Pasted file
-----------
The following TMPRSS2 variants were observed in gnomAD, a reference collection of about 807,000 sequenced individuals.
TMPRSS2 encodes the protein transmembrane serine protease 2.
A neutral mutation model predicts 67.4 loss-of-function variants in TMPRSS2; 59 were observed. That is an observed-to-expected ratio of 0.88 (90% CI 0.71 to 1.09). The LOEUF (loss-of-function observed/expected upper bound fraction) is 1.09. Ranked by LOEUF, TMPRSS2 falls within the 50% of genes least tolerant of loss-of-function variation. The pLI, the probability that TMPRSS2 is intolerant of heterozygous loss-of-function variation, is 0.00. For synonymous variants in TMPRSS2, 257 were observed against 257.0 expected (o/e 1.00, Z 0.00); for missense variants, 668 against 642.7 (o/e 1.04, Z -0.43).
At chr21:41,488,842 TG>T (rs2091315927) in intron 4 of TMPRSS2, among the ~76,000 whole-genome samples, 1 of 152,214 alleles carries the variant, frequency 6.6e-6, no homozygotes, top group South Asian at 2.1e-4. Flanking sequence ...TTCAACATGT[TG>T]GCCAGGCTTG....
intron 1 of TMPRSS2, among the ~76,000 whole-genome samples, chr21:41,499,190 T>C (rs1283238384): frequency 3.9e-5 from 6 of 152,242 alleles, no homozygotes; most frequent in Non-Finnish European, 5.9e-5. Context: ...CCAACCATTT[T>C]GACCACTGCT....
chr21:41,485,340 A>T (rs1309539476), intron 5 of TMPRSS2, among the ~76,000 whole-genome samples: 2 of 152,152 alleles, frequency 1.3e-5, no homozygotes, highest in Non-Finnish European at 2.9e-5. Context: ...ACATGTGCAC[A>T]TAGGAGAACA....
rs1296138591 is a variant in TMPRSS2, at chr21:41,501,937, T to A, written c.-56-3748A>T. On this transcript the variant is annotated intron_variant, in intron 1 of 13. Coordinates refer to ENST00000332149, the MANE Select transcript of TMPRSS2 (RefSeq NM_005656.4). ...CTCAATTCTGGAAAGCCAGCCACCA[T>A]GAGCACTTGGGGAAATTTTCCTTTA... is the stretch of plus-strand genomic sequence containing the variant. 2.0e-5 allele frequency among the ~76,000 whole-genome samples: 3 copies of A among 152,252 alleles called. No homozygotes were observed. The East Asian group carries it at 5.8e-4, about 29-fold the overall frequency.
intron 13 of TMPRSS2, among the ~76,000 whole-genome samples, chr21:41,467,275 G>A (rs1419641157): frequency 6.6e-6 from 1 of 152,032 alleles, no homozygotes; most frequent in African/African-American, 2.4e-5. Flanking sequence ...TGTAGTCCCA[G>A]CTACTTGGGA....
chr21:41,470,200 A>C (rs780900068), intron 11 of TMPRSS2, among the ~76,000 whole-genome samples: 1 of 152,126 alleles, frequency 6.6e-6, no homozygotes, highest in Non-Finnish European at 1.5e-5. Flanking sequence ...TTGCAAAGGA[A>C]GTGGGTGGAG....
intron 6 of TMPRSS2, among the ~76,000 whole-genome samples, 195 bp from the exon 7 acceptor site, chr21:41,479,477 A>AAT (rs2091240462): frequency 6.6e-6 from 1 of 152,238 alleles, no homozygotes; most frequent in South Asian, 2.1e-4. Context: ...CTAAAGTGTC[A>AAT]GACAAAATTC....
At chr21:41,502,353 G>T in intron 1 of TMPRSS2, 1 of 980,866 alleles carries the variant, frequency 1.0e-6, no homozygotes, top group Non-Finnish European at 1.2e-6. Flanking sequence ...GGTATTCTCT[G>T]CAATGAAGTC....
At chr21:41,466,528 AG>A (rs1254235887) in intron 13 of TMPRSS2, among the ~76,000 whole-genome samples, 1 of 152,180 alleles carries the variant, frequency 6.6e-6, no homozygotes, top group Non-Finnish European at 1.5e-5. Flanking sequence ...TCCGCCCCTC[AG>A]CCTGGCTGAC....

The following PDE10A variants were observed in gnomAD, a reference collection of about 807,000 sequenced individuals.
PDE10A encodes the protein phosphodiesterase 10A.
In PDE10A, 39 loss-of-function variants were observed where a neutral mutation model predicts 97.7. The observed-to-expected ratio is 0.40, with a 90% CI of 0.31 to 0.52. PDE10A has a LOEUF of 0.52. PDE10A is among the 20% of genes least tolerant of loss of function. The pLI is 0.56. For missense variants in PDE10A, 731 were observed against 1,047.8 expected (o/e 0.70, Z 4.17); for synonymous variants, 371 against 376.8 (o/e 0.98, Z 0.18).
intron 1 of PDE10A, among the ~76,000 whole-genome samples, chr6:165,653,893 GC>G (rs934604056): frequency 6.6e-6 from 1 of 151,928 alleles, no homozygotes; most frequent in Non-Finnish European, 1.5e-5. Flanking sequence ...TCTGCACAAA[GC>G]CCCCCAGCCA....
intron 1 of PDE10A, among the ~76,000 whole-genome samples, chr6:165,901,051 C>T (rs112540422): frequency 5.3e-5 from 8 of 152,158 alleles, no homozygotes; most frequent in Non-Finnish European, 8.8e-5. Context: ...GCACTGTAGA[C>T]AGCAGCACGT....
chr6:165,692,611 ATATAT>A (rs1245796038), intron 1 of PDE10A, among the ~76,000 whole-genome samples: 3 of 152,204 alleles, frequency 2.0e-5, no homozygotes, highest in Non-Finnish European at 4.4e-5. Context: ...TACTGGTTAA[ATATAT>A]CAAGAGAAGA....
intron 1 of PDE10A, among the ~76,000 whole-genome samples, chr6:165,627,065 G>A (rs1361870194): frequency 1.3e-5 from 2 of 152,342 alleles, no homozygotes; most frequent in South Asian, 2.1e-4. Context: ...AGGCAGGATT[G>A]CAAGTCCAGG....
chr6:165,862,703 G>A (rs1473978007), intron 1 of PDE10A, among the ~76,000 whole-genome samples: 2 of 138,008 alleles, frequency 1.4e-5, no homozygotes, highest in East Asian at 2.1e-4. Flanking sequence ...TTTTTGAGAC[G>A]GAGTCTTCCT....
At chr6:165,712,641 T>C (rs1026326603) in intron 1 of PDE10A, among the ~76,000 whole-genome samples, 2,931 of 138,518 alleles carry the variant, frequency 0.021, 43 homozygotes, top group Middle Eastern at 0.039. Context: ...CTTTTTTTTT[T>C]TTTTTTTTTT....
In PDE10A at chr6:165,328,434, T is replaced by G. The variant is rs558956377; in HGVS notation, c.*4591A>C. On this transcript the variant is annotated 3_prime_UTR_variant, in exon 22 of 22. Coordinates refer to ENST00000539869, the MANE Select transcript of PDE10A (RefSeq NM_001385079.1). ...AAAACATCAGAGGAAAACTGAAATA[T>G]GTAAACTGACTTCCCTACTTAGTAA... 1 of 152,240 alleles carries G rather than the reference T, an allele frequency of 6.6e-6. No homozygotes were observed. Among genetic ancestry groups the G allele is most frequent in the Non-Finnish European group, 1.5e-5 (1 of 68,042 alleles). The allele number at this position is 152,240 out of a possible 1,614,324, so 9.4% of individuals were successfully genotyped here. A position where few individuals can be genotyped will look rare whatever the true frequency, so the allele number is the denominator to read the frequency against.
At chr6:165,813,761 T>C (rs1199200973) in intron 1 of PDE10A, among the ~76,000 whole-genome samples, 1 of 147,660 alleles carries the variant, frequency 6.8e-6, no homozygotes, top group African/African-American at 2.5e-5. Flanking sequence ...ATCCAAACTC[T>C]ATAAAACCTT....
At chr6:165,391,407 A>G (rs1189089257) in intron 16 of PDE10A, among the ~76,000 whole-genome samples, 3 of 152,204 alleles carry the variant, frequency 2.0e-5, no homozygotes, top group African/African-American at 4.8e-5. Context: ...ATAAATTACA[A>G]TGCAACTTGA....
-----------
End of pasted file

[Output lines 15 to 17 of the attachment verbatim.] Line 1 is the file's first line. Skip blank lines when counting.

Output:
In PDE10A, 39 loss-of-function variants were observed where a neutral mutation model predicts 97.7. The observed-to-expected ratio is 0.40, with a 90% CI of 0.31 to 0.52. PDE10A has a LOEUF of 0.52. PDE10A is among the 20% of genes least tolerant of loss of function. The pLI is 0.56. For missense variants in PDE10A, 731 were observed against 1,047.8 expected (o/e 0.70, Z 4.17); for synonymous variants, 371 against 376.8 (o/e 0.98, Z 0.18).
intron 1 of PDE10A, among the ~76,000 whole-genome samples, chr6:165,653,893 GC>G (rs934604056): frequency 6.6e-6 from 1 of 151,928 alleles, no homozygotes; most frequent in Non-Finnish European, 1.5e-5. Flanking sequence ...TCTGCACAAA[GC>G]CCCCCAGCCA....
intron 1 of PDE10A, among the ~76,000 whole-genome samples, chr6:165,901,051 C>T (rs112540422): frequency 5.3e-5 from 8 of 152,158 alleles, no homozygotes; most frequent in Non-Finnish European, 8.8e-5. Context: ...GCACTGTAGA[C>T]AGCAGCACGT....